The increased financial scrutiny that many IT departments are facing isn’t limited to the private sector.
Since last August, the CIOs of at least five state governments have resigned. Some left to pursue corporate job opportunities or departed because another political party came into power. But the changing of the guard is a reflection of the intense pressures that public-sector CIOs are under to slash costs, said Jim Krouse, an analyst at Input, a Reston, Va.-based market research firm.
“There’s just a tremendous amount of turnover lately at the state CIO level,” Krouse said. CIOs “are under pressure to cut costs like department heads for other government agencies,” he added.
Robert Anderson, the outgoing CIO in New Hampshire, is a prime example. Anderson was tapped to fill the state’s top technology post last February by his former boss in the corporate world — Gov. Craig Benson, once the CEO of now-defunct Cabletron Systems Inc. But Anderson didn’t deliver US$11 million in expected savings in his first year, and he resigned in late January, on the day he was expected to present legislators with examples of his cost-cutting work.
A high-ranking Granite State IT official who requested anonymity said he thinks Anderson “was set up to fail.” The CIO “was heading in the right direction,” the official said. But, he added, a first-year savings goal of US$1 million would have been more realistic. The state’s IT budget is about US$39 million.
]State Sen. Dick Green, who chairs the legislature’s finance committee, said Benson and his budget director originally suggested that Anderson could chop US$20 million in IT costs during his first year on the job. But legislators viewed that proposal as “too optimistic” and substituted the US$11 million goal, Green said.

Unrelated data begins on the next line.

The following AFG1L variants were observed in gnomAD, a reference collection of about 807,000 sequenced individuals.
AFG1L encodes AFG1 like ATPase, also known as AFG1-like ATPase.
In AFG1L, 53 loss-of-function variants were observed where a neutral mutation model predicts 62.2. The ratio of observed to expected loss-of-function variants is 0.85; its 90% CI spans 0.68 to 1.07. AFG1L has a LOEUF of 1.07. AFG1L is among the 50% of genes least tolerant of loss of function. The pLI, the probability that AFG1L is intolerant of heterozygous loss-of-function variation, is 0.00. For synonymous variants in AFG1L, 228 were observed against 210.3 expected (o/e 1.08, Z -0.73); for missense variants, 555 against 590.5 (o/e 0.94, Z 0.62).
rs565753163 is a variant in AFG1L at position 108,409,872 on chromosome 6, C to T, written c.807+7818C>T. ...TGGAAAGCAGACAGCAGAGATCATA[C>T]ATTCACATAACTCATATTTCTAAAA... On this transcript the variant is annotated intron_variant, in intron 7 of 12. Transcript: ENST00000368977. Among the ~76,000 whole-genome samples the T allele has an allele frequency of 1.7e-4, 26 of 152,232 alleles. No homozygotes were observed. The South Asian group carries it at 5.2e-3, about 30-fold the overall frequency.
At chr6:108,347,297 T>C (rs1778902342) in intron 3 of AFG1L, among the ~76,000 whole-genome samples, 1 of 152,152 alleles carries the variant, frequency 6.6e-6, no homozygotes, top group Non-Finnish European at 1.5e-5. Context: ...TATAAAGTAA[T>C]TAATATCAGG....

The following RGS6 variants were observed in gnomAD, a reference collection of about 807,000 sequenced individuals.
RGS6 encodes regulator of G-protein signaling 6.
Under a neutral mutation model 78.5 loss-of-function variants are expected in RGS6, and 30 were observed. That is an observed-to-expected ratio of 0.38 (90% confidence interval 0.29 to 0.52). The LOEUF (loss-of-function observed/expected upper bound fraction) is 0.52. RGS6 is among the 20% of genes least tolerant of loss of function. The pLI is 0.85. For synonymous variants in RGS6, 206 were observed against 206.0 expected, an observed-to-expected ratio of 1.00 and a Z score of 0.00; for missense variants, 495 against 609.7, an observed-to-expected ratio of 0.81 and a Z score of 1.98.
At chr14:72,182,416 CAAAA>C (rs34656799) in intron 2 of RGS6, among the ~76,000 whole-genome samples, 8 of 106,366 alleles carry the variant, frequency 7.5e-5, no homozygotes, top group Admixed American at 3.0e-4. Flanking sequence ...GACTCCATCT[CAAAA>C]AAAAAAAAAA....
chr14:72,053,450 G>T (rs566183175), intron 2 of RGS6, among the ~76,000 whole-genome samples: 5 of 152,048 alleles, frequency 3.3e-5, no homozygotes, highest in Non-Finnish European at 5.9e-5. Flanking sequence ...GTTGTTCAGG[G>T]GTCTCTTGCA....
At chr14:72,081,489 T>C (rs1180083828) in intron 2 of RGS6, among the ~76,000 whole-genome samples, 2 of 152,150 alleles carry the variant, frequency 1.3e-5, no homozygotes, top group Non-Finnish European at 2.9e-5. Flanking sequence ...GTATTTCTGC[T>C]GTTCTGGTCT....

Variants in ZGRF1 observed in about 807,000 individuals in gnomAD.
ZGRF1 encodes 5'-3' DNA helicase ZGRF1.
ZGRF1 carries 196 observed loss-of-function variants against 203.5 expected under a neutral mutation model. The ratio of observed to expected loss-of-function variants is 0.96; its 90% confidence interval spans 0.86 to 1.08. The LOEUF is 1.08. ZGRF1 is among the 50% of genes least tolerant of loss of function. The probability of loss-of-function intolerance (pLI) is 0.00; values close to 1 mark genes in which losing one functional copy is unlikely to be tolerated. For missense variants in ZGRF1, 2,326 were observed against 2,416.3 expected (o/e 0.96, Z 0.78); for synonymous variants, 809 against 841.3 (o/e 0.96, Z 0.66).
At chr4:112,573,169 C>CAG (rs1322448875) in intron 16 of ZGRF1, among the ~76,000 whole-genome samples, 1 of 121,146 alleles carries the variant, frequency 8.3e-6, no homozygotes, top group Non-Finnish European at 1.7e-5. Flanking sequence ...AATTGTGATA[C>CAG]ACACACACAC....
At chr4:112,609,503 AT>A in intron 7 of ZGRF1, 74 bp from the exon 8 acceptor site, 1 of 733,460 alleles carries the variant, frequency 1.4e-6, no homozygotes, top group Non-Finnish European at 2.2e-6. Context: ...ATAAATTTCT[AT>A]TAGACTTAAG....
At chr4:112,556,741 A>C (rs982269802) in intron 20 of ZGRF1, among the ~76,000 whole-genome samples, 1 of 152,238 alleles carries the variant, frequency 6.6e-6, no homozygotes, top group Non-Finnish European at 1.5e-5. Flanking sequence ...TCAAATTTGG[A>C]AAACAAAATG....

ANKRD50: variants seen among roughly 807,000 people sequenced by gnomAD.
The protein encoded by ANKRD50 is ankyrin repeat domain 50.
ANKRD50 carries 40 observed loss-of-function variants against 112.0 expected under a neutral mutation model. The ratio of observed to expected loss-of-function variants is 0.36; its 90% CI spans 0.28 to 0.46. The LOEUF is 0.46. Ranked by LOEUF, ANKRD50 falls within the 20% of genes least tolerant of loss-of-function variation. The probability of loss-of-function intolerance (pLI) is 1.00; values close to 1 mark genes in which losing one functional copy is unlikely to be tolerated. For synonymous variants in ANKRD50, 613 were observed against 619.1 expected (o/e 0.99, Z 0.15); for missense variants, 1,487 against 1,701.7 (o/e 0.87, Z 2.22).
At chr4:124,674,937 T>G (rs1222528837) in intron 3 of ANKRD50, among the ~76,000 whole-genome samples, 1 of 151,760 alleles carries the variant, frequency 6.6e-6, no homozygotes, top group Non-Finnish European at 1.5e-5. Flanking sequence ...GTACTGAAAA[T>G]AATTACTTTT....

The targeted cost savings “haven’t materialized, and we kept the accountability pressure on him,” Green said, referring to Anderson. “I think he was trying, but he wasn’t able to give us any concrete evidence that this was being accomplished.”
Anderson couldn’t be reached for comment last week. A spokesman for Benson said the US$11 million cost-cutting figure surfaced after the legislature began reviewing the governor’s budget proposal for the current fiscal year. He added that Benson “was very pleased with the work (Anderson) did,” pointing to the former CIO’s efforts to consolidate 300-plus IT workers at nine state agencies into a single unit.
Anderson isn’t the only state IT chief who has felt the heat. On Feb. 4, Kimberly Bahrami announced that she would resign as Florida’s CIO at the end of next week.
Bahrami was named CIO in July 2002, after holding the job on an acting basis for a year. But Florida’s IT organization has come under fire from legislators and government watchdogs regarding US$150 million in multiyear contracts. Some officials say the contract language is vague and could put the state at financial risk.
“It’s been a major concern among legislators about how we got into some of these contracts and whether we’ll be able to recoup some of the costs if any of these systems fail,” said state Sen. Walter G. “Skip” Campbell, who chairs the state’s Democratic caucus.
Bahrami didn’t return calls seeking comment. Carla Gaskin, a spokeswoman for the Florida Office of Information Technology, confirmed that there have been audits of IT contracts but said that she thinks all of the contracts in question were awarded prior to Bahrami’s tenure as CIO. Gaskin added that Bahrami is leaving the job “by her choice.”